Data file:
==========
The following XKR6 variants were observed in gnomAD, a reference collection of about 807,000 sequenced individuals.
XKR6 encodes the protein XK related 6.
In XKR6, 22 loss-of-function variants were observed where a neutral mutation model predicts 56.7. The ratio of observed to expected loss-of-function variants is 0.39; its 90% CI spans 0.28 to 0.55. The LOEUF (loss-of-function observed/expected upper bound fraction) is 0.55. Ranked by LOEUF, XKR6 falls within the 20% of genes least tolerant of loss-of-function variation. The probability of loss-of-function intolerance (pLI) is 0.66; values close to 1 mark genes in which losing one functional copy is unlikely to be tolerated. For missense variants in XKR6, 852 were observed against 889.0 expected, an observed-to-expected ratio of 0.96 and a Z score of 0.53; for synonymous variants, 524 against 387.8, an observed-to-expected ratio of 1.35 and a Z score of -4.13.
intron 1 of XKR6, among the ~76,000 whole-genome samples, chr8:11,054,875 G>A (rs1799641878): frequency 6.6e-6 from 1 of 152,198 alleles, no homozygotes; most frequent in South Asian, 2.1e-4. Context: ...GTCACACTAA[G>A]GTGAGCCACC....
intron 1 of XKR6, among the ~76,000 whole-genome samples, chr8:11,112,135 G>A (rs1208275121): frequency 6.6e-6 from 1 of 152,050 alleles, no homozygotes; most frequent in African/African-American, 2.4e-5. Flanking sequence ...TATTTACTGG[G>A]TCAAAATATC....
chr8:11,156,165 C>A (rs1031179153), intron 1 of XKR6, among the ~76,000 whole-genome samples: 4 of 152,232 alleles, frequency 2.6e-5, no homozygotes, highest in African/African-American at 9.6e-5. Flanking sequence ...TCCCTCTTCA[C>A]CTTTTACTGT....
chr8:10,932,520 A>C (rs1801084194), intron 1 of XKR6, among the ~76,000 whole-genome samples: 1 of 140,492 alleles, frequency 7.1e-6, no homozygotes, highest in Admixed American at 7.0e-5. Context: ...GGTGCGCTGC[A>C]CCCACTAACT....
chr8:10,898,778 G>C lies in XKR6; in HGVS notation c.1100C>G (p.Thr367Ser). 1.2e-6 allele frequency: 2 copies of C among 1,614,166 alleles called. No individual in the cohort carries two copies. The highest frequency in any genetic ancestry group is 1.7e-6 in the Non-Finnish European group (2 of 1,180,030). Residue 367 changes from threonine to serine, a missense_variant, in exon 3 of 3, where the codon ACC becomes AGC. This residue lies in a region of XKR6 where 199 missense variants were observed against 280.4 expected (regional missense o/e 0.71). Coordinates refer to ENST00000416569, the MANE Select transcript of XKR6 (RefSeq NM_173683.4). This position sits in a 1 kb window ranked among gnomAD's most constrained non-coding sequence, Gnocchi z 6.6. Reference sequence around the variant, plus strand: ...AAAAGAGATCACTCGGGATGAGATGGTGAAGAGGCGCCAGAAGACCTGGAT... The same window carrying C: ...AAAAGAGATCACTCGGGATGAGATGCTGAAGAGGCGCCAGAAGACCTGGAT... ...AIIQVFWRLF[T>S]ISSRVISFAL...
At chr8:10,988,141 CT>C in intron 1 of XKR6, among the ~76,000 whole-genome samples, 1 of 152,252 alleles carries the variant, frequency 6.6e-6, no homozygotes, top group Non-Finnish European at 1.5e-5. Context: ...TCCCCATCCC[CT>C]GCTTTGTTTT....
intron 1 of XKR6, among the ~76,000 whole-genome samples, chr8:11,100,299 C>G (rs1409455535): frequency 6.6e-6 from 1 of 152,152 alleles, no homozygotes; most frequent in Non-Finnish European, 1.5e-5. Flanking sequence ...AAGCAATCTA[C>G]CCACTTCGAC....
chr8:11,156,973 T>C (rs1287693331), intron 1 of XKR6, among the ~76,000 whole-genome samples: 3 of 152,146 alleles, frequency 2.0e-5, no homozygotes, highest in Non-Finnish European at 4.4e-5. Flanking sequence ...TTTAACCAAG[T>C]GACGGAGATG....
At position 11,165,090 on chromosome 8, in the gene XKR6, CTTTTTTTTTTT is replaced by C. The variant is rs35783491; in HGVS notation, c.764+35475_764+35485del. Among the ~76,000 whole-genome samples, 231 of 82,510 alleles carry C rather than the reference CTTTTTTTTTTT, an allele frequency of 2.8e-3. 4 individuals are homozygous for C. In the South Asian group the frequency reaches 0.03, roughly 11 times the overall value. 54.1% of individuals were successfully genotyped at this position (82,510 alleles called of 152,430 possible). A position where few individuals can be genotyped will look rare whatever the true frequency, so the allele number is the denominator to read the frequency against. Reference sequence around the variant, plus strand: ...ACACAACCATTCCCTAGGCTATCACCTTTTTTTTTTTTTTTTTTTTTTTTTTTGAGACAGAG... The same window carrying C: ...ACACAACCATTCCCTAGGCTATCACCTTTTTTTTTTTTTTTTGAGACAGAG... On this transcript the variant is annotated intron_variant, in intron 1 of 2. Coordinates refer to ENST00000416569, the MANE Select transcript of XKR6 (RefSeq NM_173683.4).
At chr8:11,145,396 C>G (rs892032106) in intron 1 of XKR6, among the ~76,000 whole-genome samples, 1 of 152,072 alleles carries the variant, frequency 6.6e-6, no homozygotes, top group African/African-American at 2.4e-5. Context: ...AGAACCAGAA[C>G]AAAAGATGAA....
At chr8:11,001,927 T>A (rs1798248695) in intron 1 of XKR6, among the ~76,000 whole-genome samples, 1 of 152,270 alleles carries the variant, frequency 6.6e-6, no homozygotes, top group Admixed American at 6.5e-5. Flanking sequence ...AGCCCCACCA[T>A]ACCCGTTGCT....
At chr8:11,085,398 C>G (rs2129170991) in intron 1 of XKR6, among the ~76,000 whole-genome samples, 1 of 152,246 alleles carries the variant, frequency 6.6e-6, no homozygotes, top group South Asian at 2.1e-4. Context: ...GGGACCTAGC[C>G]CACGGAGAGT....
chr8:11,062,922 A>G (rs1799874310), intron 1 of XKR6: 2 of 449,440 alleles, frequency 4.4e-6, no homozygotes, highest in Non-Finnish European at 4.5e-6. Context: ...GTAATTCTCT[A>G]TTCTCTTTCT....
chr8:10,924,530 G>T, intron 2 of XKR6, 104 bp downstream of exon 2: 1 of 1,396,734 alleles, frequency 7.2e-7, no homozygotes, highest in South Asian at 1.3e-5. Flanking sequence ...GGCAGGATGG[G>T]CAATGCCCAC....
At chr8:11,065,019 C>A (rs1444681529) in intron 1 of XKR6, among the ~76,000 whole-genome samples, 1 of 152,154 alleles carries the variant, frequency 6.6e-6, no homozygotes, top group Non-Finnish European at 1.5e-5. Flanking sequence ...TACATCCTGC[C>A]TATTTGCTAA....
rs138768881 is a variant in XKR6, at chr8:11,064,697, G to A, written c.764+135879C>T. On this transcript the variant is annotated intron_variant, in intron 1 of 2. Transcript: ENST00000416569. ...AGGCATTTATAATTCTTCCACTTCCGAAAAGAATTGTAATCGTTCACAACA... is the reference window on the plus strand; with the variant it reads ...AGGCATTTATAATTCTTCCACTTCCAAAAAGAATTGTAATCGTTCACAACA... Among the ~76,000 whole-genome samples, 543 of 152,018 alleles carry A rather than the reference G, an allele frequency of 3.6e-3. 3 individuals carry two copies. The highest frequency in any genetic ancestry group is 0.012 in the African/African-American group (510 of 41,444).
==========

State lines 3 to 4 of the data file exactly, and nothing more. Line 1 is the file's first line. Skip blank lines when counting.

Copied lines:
In XKR6, 22 loss-of-function variants were observed where a neutral mutation model predicts 56.7. The ratio of observed to expected loss-of-function variants is 0.39; its 90% CI spans 0.28 to 0.55. The LOEUF (loss-of-function observed/expected upper bound fraction) is 0.55. Ranked by LOEUF, XKR6 falls within the 20% of genes least tolerant of loss-of-function variation. The probability of loss-of-function intolerance (pLI) is 0.66; values close to 1 mark genes in which losing one functional copy is unlikely to be tolerated. For missense variants in XKR6, 852 were observed against 889.0 expected, an observed-to-expected ratio of 0.96 and a Z score of 0.53; for synonymous variants, 524 against 387.8, an observed-to-expected ratio of 1.35 and a Z score of -4.13.
intron 1 of XKR6, among the ~76,000 whole-genome samples, chr8:11,054,875 G>A (rs1799641878): frequency 6.6e-6 from 1 of 152,198 alleles, no homozygotes; most frequent in South Asian, 2.1e-4. Context: ...GTCACACTAA[G>A]GTGAGCCACC....